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‘Frankie en Felipé’ is a bittersweet comic treasure from the Cape Flats

‘Frankie en Felipé’ is a bittersweet comic treasure from the Cape Flats
In 'Frankie en Felipè', Frankie is played by the late Bradley Olivier and Felipé by Solomon Cupido. (Photo: kykNET)

‘Frankie en Felipé,’ a fresh, heartfelt comedy, celebrates Cape coloured culture with a story of brothers separated and reunited after more than a decade.

Frankie en Felipé captured this writer’s heart from its opening beat: Two mischievous boys are chased down the Cape Flats streets by a shop owner. What’s their story? When you find out, you will laugh and cry.  

Frankie, played by the late Bradley Olivier, and Felipé, played by Solomon Cupido, are half-brothers who grew up under unfortunate circumstances. The boys are separated when Frankie’s stepfather puts him at an orphanage. Although Frankie’s mother fought the idea, her huffing and puffing did not have much oomph, and she was left with the guilt of abandoning her son.

Jump to more than a decade later and their lives have changed completely.

Frankie is living a life Felipé could only dream of, working as an overachieving advertising executive at his soon-to-be father-in-law’s marketing firm, about to marry into a wealthy family and having changed his name to a “more marketable” Frankie Blaze.

Felipé, who did not make it out of the Flats, is still living with their mother and drowning in debt, thanks to a lurking loan shark. Their mother is sick and he has no choice but to hustle for her medication by trying various business ventures, including a flopped counterfeit perfume business.

Felipé finds his estranged brother after 15 years in the hope that he will help him clear his debt to Bennas, the loan shark, played by a convincing Shimmy Isaacs. What Felipé doesn’t know is that in Frankie’s world, he and their mother are a dirty secret.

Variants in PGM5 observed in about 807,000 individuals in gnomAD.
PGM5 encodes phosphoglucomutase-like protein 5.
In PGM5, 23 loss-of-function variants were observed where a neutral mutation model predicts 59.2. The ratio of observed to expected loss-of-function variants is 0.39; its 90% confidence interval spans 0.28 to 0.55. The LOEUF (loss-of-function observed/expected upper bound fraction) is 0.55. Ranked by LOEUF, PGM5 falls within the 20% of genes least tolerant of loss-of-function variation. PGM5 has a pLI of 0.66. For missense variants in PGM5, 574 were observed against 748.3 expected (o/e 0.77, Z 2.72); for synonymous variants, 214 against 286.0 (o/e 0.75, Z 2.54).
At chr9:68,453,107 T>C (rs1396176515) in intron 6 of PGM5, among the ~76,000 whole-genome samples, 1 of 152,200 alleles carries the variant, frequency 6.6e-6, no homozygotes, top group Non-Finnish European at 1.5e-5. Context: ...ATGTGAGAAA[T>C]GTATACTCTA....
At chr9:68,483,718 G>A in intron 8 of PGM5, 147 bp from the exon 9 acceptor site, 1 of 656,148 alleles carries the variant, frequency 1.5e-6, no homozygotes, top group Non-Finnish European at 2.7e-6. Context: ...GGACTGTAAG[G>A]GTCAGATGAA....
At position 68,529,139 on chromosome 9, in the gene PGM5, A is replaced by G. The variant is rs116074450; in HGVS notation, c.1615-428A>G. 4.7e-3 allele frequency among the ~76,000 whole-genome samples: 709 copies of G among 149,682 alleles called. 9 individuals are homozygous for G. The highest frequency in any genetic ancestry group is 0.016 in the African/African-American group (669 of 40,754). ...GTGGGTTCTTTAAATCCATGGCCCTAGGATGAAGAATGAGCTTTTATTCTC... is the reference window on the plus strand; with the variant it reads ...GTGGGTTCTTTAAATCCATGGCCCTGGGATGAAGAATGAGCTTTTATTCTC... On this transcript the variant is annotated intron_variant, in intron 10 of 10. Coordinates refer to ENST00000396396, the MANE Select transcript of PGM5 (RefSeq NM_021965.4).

How long can Frankie keep them hidden? Finding out is the best part of the movie.

Frankie en Felipè

(Photo: kykNET)

Renewing an old story

Although we have seen this storyline a dozen times, this particular take is refreshing.

The production celebrates the rich culture of the Cape coloured community, with inside jokes you might only know if you lived with someone from the area or regularly bought samoosas from an auntie on the Flats.

The story could really break your heart, but just before it does, an endorphin-boosting punchline saves the day.

(Photo: kykNET)

Bravo to the actors for the effortless connection to the characters. The way Cupido delivered his lines in the beginning felt like he was a part of a theatre rehearsal, but as the story unfolds you see that that is who Felipé is – funny, “uncultured” and undeniably a diamond in the rough – while Frankie is more reserved and well-mannered. Frankie and Felipé’s bromance is heart-melting.

This film is easily one of South Africa’s comic treasures.

The movie’s brilliance is also bittersweet since it is Olivier’s last contribution to the industry. He wrote and produced the film with Cupido before his untimely passing in July 2023. DM

This story first appeared in our weekly Daily Maverick 168 newspaper, which is available countrywide for R29.

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